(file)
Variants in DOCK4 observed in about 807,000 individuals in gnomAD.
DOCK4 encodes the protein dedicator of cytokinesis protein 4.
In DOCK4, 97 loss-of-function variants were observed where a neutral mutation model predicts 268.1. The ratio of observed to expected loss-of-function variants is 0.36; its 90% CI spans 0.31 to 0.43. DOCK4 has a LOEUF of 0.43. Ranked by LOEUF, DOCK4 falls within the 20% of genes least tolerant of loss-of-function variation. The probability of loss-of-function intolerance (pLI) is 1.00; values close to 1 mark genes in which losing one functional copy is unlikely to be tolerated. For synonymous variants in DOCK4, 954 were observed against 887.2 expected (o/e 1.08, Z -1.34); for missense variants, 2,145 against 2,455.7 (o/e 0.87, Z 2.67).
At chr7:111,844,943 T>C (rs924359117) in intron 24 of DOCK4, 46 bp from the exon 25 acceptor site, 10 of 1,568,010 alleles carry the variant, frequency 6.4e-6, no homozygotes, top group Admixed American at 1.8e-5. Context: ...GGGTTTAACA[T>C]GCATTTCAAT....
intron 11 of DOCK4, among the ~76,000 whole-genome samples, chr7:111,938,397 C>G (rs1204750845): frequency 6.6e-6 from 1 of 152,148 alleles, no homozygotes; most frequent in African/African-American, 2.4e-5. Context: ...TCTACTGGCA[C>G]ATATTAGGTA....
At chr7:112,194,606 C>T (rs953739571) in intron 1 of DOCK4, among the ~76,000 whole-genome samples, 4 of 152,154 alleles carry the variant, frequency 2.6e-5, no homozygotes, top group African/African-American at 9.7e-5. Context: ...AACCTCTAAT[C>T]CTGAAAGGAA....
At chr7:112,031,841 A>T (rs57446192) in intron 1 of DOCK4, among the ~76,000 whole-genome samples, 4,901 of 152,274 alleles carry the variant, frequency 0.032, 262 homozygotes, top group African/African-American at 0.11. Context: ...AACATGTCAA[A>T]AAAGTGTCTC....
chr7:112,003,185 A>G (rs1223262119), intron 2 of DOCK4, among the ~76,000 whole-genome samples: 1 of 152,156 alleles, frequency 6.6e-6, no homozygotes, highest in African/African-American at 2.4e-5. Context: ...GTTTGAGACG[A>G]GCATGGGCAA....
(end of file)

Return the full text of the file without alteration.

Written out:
Variants in DOCK4 observed in about 807,000 individuals in gnomAD.
DOCK4 encodes the protein dedicator of cytokinesis protein 4.
In DOCK4, 97 loss-of-function variants were observed where a neutral mutation model predicts 268.1. The ratio of observed to expected loss-of-function variants is 0.36; its 90% CI spans 0.31 to 0.43. DOCK4 has a LOEUF of 0.43. Ranked by LOEUF, DOCK4 falls within the 20% of genes least tolerant of loss-of-function variation. The probability of loss-of-function intolerance (pLI) is 1.00; values close to 1 mark genes in which losing one functional copy is unlikely to be tolerated. For synonymous variants in DOCK4, 954 were observed against 887.2 expected (o/e 1.08, Z -1.34); for missense variants, 2,145 against 2,455.7 (o/e 0.87, Z 2.67).
At chr7:111,844,943 T>C (rs924359117) in intron 24 of DOCK4, 46 bp from the exon 25 acceptor site, 10 of 1,568,010 alleles carry the variant, frequency 6.4e-6, no homozygotes, top group Admixed American at 1.8e-5. Context: ...GGGTTTAACA[T>C]GCATTTCAAT....
intron 11 of DOCK4, among the ~76,000 whole-genome samples, chr7:111,938,397 C>G (rs1204750845): frequency 6.6e-6 from 1 of 152,148 alleles, no homozygotes; most frequent in African/African-American, 2.4e-5. Context: ...TCTACTGGCA[C>G]ATATTAGGTA....
At chr7:112,194,606 C>T (rs953739571) in intron 1 of DOCK4, among the ~76,000 whole-genome samples, 4 of 152,154 alleles carry the variant, frequency 2.6e-5, no homozygotes, top group African/African-American at 9.7e-5. Context: ...AACCTCTAAT[C>T]CTGAAAGGAA....
At chr7:112,031,841 A>T (rs57446192) in intron 1 of DOCK4, among the ~76,000 whole-genome samples, 4,901 of 152,274 alleles carry the variant, frequency 0.032, 262 homozygotes, top group African/African-American at 0.11. Context: ...AACATGTCAA[A>T]AAAGTGTCTC....
chr7:112,003,185 A>G (rs1223262119), intron 2 of DOCK4, among the ~76,000 whole-genome samples: 1 of 152,156 alleles, frequency 6.6e-6, no homozygotes, highest in African/African-American at 2.4e-5. Context: ...GTTTGAGACG[A>G]GCATGGGCAA....